Wind turbines are supposed to be good for the environment. That’s the point, after all; by harnessing a natural, limitless resource, we can cut down on pollution and save the Earth’s forests for future generations. But despite the good intentions, there’s one unexpected side effect to the local ecosystem: the danger to birds.
Aside from the occasional airplane, birds are the undisputed masters of the skies. They fly unimpeded across long distances, travelling at fairly ridiculous speeds without worrying about traffic congestion or road blocks. Or at least, they did, until we decided to fill the sky with turbines.
The average turbine is about 140 feet high. For reference, that’s 14 standard basketball hoops stacked on top of each other, or a 10-14 story building. Each of these turbines has rotating blades, which can reach speeds of over 170 miles per hour. However, the scale of these turbines makes those blades look like they’re rotating fairly slow.
Now imagine you’re an eagle, flying through a wind farm. You see an opening, glide on through, only to have one of those blades clip your wing. Eagle, human, or elephant, anything going 170 mph is going to hurt, and cause a serious injury.
An estimated 570,000 birds are killed by turbines in the US each year, either by colliding head-on with a blade or simply getting blown off course. Some birds perch on the top of a turbine while the blades are still, and get to enjoy a deadly ride when that breeze pick up again.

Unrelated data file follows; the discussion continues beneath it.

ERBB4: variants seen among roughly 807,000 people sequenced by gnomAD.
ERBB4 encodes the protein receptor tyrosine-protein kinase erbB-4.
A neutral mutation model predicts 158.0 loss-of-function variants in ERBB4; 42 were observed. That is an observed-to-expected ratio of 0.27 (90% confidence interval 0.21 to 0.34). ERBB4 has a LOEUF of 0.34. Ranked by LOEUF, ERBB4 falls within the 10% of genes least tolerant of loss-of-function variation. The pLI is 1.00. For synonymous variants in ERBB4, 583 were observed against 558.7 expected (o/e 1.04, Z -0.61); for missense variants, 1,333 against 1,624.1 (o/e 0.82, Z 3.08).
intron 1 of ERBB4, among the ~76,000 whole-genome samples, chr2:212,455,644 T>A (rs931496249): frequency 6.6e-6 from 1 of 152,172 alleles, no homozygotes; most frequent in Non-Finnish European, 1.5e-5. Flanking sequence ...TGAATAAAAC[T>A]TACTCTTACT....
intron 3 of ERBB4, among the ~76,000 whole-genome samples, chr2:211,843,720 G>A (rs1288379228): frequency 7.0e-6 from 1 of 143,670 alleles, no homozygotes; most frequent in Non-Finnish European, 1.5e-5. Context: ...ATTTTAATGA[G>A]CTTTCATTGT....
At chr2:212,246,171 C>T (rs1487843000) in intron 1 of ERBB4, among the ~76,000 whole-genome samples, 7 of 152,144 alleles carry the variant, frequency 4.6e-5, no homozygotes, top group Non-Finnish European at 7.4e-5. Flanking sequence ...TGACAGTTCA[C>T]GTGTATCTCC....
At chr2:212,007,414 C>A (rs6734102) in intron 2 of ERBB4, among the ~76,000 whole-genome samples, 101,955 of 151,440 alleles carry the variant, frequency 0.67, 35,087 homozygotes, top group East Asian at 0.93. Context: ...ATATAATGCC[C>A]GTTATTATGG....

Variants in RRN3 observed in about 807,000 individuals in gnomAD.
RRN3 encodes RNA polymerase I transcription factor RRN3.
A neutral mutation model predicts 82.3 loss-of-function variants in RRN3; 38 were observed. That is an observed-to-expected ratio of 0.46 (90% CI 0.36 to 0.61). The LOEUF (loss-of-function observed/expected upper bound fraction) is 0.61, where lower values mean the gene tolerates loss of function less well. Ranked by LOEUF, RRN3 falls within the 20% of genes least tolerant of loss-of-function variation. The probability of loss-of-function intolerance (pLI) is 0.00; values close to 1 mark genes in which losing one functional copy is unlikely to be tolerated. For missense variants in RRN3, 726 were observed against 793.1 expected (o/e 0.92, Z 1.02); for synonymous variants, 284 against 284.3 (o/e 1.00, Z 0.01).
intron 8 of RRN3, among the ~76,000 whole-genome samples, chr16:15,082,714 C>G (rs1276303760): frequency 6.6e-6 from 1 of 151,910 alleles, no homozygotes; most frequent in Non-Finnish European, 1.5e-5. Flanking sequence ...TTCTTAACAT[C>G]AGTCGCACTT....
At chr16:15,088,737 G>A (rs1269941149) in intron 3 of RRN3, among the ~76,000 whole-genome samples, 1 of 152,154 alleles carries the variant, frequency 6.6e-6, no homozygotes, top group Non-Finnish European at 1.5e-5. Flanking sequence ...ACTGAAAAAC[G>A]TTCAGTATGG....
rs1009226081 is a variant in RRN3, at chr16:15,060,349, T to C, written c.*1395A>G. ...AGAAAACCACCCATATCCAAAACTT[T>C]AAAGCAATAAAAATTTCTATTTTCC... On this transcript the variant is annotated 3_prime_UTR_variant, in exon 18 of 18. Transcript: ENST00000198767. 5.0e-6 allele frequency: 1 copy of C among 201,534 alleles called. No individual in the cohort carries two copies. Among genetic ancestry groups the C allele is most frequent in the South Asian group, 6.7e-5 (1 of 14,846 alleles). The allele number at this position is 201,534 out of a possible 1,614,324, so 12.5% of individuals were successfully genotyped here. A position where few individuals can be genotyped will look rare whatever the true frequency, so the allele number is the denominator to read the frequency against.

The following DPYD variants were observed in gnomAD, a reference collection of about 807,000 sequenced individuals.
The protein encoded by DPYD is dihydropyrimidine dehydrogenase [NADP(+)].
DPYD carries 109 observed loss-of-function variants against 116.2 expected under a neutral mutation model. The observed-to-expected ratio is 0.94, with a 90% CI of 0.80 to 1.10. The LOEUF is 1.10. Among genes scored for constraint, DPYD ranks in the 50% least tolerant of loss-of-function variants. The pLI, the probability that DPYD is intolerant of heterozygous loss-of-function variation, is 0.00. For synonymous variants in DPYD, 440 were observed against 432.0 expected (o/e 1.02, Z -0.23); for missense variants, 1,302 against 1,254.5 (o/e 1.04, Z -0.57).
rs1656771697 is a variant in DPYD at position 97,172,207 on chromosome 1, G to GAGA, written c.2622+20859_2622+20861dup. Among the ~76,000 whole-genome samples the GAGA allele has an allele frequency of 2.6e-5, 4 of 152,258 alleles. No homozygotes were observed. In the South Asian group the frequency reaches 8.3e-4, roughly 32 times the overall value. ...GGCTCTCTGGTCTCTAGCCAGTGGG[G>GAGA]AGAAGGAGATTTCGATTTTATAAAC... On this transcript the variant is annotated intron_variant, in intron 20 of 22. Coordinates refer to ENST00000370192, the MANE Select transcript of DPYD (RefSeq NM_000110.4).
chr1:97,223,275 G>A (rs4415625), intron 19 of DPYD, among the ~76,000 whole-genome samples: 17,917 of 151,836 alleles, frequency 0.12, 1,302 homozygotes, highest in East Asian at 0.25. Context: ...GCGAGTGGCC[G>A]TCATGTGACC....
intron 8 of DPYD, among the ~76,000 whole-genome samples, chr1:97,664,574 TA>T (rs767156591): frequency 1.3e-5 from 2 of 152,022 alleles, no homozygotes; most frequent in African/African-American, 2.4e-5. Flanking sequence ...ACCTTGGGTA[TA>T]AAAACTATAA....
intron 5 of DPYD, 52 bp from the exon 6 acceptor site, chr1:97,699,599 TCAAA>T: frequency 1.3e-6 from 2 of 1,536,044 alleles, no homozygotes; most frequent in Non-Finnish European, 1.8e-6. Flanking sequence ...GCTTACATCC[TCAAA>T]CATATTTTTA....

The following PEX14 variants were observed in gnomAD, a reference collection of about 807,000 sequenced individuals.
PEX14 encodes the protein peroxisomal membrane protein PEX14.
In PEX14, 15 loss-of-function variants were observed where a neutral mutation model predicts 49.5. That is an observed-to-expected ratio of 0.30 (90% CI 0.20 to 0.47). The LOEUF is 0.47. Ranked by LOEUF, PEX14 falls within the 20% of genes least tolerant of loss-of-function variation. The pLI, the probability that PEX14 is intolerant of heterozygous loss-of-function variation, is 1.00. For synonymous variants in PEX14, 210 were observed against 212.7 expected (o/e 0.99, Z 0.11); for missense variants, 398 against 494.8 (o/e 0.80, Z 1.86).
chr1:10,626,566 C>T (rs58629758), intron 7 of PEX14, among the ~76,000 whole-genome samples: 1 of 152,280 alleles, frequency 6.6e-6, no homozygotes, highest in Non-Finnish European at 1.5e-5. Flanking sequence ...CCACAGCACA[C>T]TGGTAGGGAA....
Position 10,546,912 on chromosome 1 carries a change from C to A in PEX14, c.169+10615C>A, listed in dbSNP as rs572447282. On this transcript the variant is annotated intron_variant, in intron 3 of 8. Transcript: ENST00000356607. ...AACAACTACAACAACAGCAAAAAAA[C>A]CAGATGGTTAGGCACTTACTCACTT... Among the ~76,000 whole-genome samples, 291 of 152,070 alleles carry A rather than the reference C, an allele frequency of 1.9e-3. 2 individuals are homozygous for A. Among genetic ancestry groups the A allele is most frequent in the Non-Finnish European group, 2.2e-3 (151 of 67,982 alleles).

Granted, collision injuries and deaths are nothing new to avians. Far more birds fall victim to an impact with a glass window in an office building. Still, this unintended impact on the environment is definitely something the industry is hoping to minimize.
Saving Birds Through Turbine Design
A surprisingly easy way to cut down on bird casualties is to switch to a vertical axis wind turbine. VAWTs are easier to avoid; imagine flying past a barber shop pole, versus flying around a giant fan. They are also far more difficult to perch on; even if a bird does decide to sit on the top, it isn’t in line of any whirring blades.
If that won’t work, you can try installing a sound system, much like those used by gardeners. Avian distress calls and unnatural noises will help birds vacate the area, and keep them away from the dangerous turbines. You can also find a way to make the turbines shiny; reflected light has a similar effect.
Another suggestion is to make the turbines more visible. An Energy Norway project dubbed INTACT is testing out the effect of brightly colored blades. White tends to blend in against clouds and the light blue sky. Black, bright green, or even red would be far easier for birds to register – although it might not be as appealing to the human eye. But for the sake of saving countless feathered lives, a few eyesores might be worth it.